It is not just childhood health that is affected by poor indoor climate. As you will see in the following pages, we found that unhealthy home environments can result in higher absence from school and work, putting a greater strain on both children, parents and the economy.
It is not just an urban problem either. Children who live in suburban single-family homes were found to be especially at risk of living with leaky roofs, mould, and inadequate temperature.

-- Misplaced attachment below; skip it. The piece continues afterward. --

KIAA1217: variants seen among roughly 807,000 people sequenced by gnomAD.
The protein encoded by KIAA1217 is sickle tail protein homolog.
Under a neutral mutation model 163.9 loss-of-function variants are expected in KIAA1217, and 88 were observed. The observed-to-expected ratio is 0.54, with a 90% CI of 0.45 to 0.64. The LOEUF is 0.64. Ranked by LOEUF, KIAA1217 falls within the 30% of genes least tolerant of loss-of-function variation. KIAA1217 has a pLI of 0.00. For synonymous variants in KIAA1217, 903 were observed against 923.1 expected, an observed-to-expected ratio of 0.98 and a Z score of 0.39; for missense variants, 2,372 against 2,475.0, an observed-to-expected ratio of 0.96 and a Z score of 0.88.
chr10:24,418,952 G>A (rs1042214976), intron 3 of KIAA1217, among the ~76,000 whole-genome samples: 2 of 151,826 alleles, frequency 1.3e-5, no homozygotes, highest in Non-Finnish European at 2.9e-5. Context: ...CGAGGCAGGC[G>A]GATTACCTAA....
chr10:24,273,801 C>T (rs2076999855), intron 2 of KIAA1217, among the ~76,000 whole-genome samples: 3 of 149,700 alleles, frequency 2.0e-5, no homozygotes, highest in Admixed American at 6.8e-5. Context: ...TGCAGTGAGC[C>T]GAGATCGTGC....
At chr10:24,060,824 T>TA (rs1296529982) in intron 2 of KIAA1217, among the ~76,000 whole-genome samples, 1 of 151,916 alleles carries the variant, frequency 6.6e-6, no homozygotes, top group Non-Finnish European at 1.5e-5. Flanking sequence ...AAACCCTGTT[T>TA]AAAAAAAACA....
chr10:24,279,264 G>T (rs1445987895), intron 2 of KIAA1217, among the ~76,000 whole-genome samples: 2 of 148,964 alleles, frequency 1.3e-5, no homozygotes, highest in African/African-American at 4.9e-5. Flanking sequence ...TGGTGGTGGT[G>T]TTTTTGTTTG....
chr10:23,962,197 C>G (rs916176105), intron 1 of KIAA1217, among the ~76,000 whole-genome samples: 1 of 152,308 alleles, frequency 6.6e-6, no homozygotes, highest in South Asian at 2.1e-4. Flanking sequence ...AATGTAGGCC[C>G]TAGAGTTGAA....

The Healthy Homes Barometer 2018 puts focus on the fact that Europeans spend about 90 percent of their time indoors2. The growing number of people spending the majority of their time indoors is sometimes referred to as “The Indoor Generation”3. Read on to see how a healthy indoor climate can help our children by giving them the best starting point to live long and healthy lives in our increasingly indoor world.